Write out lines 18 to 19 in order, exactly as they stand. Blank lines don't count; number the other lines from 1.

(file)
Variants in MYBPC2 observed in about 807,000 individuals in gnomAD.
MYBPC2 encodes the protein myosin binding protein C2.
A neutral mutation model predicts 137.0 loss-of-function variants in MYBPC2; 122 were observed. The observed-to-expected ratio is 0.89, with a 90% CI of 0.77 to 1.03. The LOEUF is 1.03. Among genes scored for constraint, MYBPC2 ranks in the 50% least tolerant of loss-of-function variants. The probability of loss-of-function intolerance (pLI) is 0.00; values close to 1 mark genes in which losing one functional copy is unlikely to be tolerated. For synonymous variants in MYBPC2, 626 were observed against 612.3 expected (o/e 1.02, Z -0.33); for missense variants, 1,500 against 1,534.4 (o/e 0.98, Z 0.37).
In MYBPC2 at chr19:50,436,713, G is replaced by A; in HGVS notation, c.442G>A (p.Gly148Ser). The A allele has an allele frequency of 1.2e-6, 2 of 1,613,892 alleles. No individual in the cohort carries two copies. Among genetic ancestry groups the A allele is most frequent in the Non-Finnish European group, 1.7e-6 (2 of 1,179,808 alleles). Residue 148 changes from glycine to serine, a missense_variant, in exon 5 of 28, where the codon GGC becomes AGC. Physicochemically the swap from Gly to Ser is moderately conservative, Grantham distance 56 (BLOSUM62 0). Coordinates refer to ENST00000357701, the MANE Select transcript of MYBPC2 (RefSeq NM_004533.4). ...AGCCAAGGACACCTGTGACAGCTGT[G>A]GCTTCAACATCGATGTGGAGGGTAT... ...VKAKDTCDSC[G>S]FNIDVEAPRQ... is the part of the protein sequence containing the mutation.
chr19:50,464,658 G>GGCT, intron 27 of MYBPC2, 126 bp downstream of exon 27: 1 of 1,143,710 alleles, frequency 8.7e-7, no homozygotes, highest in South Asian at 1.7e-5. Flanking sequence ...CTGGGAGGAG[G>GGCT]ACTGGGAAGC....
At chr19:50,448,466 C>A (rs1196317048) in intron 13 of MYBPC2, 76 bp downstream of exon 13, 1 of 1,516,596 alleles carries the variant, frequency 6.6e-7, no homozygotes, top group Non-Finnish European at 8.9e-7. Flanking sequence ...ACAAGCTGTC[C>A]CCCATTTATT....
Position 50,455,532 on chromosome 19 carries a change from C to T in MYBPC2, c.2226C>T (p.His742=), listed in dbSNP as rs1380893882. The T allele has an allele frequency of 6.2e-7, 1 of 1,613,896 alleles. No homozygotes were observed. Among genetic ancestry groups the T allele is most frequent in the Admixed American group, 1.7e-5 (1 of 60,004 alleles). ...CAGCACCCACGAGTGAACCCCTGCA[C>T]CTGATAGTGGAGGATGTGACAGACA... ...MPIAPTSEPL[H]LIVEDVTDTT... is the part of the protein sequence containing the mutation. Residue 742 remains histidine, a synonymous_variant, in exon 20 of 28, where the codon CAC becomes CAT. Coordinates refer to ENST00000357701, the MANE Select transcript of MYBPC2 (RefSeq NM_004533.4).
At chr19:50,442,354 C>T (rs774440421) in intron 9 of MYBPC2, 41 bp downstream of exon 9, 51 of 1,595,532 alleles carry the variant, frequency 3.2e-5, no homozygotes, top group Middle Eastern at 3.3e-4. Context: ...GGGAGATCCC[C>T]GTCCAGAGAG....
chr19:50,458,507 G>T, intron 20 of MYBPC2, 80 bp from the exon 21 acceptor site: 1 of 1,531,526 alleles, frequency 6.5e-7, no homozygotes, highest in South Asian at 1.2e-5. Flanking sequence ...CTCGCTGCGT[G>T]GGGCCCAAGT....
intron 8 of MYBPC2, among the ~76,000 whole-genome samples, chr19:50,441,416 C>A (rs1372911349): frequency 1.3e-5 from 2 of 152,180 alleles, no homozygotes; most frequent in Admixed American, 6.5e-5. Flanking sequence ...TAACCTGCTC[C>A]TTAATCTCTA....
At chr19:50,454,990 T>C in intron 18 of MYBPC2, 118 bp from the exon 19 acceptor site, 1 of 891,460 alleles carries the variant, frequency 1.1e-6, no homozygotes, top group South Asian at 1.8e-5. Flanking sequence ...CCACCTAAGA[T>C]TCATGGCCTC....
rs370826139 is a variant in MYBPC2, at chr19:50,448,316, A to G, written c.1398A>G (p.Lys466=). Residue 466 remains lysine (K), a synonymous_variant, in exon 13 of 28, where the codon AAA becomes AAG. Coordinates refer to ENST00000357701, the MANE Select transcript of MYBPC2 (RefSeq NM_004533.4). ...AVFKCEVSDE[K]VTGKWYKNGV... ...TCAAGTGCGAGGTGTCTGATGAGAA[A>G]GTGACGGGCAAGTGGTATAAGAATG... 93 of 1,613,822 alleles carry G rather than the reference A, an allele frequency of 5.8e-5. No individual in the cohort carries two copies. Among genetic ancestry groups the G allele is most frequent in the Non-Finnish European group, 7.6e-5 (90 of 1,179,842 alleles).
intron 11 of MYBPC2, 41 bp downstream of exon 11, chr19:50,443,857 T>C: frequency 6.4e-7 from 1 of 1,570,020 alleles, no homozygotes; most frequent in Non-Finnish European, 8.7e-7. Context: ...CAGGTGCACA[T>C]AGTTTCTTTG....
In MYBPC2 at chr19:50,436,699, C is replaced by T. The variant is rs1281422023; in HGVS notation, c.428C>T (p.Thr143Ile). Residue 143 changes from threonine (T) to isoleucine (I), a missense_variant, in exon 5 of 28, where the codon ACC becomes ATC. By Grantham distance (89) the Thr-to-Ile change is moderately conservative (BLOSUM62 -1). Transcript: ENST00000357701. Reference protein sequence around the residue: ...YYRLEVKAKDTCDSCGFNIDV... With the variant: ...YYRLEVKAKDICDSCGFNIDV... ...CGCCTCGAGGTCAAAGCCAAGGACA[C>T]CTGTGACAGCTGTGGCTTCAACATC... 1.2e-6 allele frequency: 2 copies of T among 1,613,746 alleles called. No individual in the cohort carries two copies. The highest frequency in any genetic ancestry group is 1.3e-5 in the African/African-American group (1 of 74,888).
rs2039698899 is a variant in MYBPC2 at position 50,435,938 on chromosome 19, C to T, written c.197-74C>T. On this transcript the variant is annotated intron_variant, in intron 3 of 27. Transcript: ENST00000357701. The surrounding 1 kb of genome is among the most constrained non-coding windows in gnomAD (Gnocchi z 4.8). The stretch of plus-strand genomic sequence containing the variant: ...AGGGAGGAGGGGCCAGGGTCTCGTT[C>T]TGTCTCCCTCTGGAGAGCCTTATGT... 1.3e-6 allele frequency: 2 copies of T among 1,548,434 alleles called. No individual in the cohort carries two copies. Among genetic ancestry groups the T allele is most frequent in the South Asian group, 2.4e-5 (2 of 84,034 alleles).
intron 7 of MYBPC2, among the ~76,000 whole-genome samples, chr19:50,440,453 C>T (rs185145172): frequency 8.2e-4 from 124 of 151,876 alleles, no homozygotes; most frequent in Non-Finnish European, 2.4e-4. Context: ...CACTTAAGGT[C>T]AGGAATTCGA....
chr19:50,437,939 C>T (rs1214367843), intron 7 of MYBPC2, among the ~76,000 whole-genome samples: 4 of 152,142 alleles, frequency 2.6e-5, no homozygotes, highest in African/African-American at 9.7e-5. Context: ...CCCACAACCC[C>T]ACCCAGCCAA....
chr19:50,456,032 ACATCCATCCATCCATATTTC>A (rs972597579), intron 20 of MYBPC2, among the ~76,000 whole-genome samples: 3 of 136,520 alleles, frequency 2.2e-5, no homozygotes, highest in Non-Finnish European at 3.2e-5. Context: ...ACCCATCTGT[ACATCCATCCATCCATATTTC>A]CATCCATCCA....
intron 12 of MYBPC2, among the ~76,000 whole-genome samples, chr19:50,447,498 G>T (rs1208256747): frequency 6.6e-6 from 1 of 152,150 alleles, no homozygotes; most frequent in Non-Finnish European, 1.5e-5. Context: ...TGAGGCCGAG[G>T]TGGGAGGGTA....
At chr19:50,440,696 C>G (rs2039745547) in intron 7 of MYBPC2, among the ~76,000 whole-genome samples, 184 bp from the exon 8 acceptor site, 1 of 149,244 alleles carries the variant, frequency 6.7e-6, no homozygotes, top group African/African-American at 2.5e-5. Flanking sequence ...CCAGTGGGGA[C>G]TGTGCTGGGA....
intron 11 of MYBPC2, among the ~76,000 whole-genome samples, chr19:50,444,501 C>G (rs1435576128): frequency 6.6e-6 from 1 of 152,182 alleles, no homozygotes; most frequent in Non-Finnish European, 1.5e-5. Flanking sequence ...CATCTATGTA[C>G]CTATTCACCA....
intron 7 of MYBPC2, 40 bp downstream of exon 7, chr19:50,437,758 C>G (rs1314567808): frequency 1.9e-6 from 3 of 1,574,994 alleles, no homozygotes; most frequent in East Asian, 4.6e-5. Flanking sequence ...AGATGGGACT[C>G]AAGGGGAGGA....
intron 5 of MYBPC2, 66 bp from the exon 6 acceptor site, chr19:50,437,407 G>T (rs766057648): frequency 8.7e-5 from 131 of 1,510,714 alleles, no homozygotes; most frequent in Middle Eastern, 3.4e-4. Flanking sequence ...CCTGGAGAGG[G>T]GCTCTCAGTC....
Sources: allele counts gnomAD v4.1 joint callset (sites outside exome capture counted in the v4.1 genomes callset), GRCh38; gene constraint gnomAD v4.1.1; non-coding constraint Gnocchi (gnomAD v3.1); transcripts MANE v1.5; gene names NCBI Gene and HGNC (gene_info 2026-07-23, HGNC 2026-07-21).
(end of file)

chr19:50,456,032 ACATCCATCCATCCATATTTC>A (rs972597579), intron 20 of MYBPC2, among the ~76,000 whole-genome samples: 3 of 136,520 alleles, frequency 2.2e-5, no homozygotes, highest in Non-Finnish European at 3.2e-5. Context: ...ACCCATCTGT[ACATCCATCCATCCATATTTC>A]CATCCATCCA....
intron 12 of MYBPC2, among the ~76,000 whole-genome samples, chr19:50,447,498 G>T (rs1208256747): frequency 6.6e-6 from 1 of 152,150 alleles, no homozygotes; most frequent in Non-Finnish European, 1.5e-5. Context: ...TGAGGCCGAG[G>T]TGGGAGGGTA....